Queenmaker: A Novel of King David's Queen by India Edghill is considered to be biblical fiction. I have studied the Bible (both Jewish and Christian) and do enjoy biblical fiction very much.
I enjoyed India Edghill's Delilah: A Novel very much so I figured I'll pick up her novel Queenmaker as a follow-up.
Queenmaker is a biblical fiction first person narrative of Michal, King David's first wife (out of several) and the one to hold the title of Queen. The book follows the biblical books of Samuel and II Samuel from Michal's perspective; from her humble beginning as a daughter of Saul, a humble farmer, through his ascension to king, wars and madness. After marrying her father's harper/war hero David she helps him escapes her father and for her help gets sold to another man until David's army goes back to reclaim/steal her ten years later only to lock her up in his castle.
Even though Michal did not give King David an heir, being the daughter of King Saul she played an important part of legitimizing David's claim to the throne. The author tells the tale while throwing in a dose of political intrigue, adultery, scandals, palace politics as well as sibling rivalry.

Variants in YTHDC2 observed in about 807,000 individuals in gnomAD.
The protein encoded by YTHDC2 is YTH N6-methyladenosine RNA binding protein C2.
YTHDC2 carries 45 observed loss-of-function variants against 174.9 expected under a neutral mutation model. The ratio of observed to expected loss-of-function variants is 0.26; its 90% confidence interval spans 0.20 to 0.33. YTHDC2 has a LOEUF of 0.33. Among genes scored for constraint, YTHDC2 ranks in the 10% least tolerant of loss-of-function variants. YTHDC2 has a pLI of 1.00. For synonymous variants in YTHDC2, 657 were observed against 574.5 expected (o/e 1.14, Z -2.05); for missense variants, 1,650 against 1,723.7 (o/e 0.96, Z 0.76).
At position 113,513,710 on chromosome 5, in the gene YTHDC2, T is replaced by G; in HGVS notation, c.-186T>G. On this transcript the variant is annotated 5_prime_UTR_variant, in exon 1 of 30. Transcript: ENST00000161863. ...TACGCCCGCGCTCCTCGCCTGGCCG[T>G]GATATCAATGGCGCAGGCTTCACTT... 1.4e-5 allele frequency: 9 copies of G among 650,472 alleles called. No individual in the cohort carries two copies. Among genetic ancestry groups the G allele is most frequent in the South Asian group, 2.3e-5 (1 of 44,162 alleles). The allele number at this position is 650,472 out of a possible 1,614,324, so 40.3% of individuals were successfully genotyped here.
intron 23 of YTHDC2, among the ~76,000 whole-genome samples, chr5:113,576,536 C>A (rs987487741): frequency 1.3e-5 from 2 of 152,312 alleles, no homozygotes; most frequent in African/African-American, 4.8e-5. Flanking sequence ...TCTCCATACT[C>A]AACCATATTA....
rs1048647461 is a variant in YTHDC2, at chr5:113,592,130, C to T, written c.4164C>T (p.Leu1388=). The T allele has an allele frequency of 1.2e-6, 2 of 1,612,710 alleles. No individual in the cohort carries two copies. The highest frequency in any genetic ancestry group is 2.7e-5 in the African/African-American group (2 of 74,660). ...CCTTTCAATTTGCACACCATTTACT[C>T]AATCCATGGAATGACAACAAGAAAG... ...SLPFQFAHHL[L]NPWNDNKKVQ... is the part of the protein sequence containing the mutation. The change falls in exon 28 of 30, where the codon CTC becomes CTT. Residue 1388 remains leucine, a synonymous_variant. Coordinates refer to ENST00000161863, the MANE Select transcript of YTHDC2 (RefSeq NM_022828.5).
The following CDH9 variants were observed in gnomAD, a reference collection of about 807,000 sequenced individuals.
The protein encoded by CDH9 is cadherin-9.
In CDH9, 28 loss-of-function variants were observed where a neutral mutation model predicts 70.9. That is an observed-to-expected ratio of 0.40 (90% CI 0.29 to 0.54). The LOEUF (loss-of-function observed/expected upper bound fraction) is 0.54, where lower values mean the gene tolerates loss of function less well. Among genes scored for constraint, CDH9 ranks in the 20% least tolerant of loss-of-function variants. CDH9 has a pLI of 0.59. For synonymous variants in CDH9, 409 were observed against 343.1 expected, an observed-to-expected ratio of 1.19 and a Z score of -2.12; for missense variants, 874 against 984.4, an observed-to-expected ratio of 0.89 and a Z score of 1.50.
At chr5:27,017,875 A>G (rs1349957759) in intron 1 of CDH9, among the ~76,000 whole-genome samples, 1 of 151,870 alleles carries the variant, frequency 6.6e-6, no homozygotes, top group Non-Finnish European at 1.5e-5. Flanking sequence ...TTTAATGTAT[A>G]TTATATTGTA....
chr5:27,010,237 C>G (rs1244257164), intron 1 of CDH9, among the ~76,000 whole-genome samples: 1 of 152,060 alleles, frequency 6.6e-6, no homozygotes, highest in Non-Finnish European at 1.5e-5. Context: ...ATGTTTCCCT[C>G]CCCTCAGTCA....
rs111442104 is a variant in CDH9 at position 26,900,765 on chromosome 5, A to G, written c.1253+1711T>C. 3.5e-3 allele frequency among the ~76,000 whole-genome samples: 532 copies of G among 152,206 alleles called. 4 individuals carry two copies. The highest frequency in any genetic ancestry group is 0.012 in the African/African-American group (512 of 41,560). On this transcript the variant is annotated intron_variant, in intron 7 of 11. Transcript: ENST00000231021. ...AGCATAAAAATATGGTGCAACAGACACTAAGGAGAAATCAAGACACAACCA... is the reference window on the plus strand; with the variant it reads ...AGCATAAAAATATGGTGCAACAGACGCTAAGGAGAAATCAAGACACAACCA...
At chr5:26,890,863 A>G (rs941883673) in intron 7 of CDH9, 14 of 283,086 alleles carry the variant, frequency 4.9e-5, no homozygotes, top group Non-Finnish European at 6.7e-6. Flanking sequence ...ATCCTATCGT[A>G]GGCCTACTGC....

Ms. Edghill's writing is interesting, and she weaves quite a story while letting her imagination flow. The book is not difficult to read and quite appealing, but I always felt as if something more interesting could have happened, but didn't — as if the author is setting the reader up for a climax and then pulls back.
While I understand the need to take literary license with such stories I feel that some of the finer but important points of the biblical story (such as David and Bathsheba's first born dying) were missing and the author missed the mark on them since they were key points in the lesson of the tale.
Since this book is sold under the biblical-fiction and/or historical-fiction categories I would have liked to know more about the daily lives of the people who lived during that time instead of imagined palace life.
Also...there were typos which drive me nuts; I hope this was fixed in later editions.
Despite the inaccuracies I did enjoy reading the book even though it fell under the "chick-lit" category which, honestly, doesn't speak to me.
This Book Reminded me of:
Delilah: A Novel by India Edghill
Pearl in the Sand by Tessa Afshar
The Gilded Chamber: A Novel of Queen Esther by Rebecca Kohn
Melachim Gimmel (Kings III) by Yochi Brandes
Buy this book in paper format.